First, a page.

Bluesfest report reveals grave economic loss from festival cancellation

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Bluesfest report reveals grave economic loss from festival cancellation

The Aussie music industry has taken a beating this year.

With the Australian bushfires and then the Coronavirus pandemic forcing the cancellation and postponement of hundreds of concerts, conferences, events and festivals across Australia and the rest of the world, many performers, businesses and contractors have lost vital income.

In assessing just how much the pandemic has derailed the touring industry, a campaign spearheaded by Support Act – I Lost My Gig Australia – the results revealed total income losses of $340M, and that number is only increasing as time goes on.

Music festivals in particular have taken a heavy hit, usually accounting for 4.7% (or $102 million) of the live sector’s $2.2 billion in ticket revenue each year, making up 3.7% of the sector’s total 26 million attendance, according to Live Performance Australia’s industry report in December 2019.

This morning, Bluesfest Byron Bay released its annual economic impact report, which showed the grim impact of its cancelled 2020 event, which was negated just three weeks out because of the pandemic.

Synonymous for Easter Holidays, Bluesfest is Australia’s premier contemporary blues and roots music festival, attracting an audience of over 100,000 year after year who travel to NSW to enjoy over 200 performances across several stages over five days, with five licensed bars and over 100 food and market stalls.

Commissioned by the festival, the report was conducted by Reuben Lawrence Consulting and compares the last two years, clearly denoting the loss of both employment and gross revenue to the Northern Rivers community and the State of NSW.

“The comparisons in employment levels and income as well as gross revenue due to the festival not occurring in 2020 compared to when it did in 2019 are alarming,” says Festival Director, Peter Noble OAM.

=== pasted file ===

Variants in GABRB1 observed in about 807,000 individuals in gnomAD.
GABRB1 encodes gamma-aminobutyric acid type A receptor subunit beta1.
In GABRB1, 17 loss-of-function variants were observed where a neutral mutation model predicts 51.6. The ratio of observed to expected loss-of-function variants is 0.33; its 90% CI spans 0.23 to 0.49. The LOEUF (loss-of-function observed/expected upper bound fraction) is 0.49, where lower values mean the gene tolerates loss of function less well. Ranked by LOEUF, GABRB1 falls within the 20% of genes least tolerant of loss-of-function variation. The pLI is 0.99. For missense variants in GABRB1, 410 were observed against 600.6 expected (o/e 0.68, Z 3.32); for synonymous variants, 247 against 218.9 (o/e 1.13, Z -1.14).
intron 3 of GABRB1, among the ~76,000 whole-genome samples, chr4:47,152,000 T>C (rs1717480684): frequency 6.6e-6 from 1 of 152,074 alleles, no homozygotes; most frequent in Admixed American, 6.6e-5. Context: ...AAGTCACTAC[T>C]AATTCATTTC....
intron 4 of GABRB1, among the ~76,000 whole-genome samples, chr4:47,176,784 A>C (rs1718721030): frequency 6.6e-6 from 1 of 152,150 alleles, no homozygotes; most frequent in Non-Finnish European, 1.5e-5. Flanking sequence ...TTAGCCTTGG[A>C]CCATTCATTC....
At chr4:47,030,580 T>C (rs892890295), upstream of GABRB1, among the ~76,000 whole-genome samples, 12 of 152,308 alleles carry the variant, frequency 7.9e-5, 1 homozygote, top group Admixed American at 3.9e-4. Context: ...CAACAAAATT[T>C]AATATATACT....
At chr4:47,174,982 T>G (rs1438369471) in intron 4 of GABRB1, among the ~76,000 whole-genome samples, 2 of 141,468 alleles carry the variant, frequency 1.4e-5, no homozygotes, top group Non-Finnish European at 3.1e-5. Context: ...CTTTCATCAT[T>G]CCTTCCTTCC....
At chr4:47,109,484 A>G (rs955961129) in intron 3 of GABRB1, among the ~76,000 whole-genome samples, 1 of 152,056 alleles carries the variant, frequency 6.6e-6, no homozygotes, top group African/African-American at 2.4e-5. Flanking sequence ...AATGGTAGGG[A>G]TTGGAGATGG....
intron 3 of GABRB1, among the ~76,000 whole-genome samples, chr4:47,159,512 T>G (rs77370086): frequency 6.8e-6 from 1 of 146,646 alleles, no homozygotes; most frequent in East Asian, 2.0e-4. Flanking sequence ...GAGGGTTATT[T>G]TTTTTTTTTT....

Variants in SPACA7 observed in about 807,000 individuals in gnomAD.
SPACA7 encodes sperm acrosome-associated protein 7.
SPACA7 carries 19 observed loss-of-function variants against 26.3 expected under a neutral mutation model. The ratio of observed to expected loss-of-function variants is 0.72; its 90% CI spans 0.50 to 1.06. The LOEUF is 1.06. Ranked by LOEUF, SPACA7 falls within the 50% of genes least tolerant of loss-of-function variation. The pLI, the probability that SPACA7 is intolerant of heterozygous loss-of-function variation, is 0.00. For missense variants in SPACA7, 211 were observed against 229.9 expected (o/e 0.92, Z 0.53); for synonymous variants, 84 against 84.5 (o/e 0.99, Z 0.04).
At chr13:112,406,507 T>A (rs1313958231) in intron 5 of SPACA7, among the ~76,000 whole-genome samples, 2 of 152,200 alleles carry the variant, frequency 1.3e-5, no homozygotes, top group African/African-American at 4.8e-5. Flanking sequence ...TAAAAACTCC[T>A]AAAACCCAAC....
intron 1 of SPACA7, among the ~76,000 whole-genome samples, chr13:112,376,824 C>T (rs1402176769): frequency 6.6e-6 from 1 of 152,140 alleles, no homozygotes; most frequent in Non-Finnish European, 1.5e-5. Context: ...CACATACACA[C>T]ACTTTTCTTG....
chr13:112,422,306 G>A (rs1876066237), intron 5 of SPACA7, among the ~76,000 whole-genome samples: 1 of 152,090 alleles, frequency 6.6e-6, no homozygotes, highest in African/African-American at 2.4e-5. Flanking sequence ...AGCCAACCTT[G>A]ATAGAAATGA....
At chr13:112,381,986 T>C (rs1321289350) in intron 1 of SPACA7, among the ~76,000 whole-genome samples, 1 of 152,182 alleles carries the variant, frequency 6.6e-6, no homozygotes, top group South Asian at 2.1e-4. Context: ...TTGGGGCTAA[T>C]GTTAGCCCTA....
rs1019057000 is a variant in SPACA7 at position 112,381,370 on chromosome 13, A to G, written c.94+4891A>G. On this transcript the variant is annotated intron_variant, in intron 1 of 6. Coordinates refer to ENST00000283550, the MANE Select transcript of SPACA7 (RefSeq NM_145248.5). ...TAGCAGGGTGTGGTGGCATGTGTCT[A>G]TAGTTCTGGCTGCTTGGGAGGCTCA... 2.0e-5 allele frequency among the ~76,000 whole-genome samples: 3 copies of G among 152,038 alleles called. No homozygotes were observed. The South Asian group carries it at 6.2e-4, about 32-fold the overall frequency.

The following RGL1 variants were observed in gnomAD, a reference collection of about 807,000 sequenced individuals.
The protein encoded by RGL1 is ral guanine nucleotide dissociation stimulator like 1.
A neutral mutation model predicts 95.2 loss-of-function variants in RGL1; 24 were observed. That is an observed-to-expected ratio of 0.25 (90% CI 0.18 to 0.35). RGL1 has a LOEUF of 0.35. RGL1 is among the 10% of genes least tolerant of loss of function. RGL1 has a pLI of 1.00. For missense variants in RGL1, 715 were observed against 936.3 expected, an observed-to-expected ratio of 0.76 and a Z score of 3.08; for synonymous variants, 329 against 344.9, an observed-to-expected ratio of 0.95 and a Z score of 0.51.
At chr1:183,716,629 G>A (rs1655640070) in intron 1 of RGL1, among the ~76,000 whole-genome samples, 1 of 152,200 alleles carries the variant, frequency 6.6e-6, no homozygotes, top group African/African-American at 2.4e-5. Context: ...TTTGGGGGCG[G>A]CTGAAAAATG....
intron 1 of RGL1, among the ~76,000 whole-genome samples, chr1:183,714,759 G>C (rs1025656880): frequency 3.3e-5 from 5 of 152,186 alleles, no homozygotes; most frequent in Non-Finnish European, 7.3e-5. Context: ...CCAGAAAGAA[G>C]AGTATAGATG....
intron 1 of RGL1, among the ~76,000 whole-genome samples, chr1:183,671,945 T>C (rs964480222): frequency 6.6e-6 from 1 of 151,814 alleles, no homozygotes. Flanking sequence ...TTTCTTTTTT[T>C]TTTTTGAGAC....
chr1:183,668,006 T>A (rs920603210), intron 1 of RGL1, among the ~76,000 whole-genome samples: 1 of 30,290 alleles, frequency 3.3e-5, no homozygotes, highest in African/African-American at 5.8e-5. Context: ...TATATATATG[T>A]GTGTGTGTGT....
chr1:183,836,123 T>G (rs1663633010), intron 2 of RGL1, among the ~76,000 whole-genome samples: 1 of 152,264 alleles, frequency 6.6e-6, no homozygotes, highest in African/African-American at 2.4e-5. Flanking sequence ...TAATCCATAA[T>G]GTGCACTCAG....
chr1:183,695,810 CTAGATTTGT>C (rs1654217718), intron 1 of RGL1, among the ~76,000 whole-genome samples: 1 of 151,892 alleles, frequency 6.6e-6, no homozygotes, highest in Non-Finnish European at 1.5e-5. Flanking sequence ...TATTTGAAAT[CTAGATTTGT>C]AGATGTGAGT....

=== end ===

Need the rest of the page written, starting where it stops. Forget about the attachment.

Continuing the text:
In 2019, Bluesfest generated 858 full time equivalent (FTE) jobs in the Northern Rivers and 1,333 in the state of NSW, while in 2020 it created only 36.2 jobs [FTE] in the Northern Rivers and 46.8 in NSW, due to the fact the festival was ordered not to go ahead three weeks prior to its opening.

In terms of gross revenue, Bluesfest 2019 contributed $163 million to the Northern Rivers and $277 million to NSW. In contrast, in 2020 Bluesfest generated an output of $7.6 million in the Northern Rivers and $10.7 million in NSW. The loss due to the festivals cancellation in 2020 was estimated to be $116.9M for the Northern Rivers and $203.6M for NSW, that resulted in a loss of 745.3 jobs [FTE] in the Northern Rivers and 1,158 jobs [FTE] in NSW.

“The economic impact reports [EIR] we have commissioned clearly demonstrate that because of the COVID-19 pandemic our community is not only culturally poorer but also financially poorer,” says Noble.
“We therefore made the conscious decision to go ahead with Bluesfest 2021, with the awareness that we need to present the festival as a COVID-19 safe event, and we are working with the relevant authorities to ensure that happens, so the public can remain safe and to provide the wealth and jobs in the future that Bluesfest creates.

“We have 1,500 people in the form of production staff, event contractors, bar staff etc. and 500 Artists, working directly on our festival every Easter, who all want to go back to work.”

Bluesfest only recently made good on their promise for the 2021 festival, announcing the largest first artist announcement in Byron Bay Bluesfest’s 32 years earlier this month. The highly anticipated release includes many of the artists intended for this year’s event, including Patti Smith and Her Band, George Benson, John Butler, as well as new additions like international folk-stars Bon Iver, the god of Aussie rock Jimmy Barnes, festival favourite Michael Franti & Spearhead, and none other than one of this country’s fastest rising stars The Teskey Brothers.

A second artist announcement is expected to follow in Spring.

It’s clear that Bluesfest is determined to force ahead with next year’s festival, and with figures like these, it’s almost imperative for the future of Bluesfest to do so – especially as a 100% independent operation.

“When purchasing tickets, you can feel proud that not only are you supporting Bluesfest, you are supporting the Australian live music industry get back to what it does best – to entertain you.”

Tickets are on sale now and can be purchased here.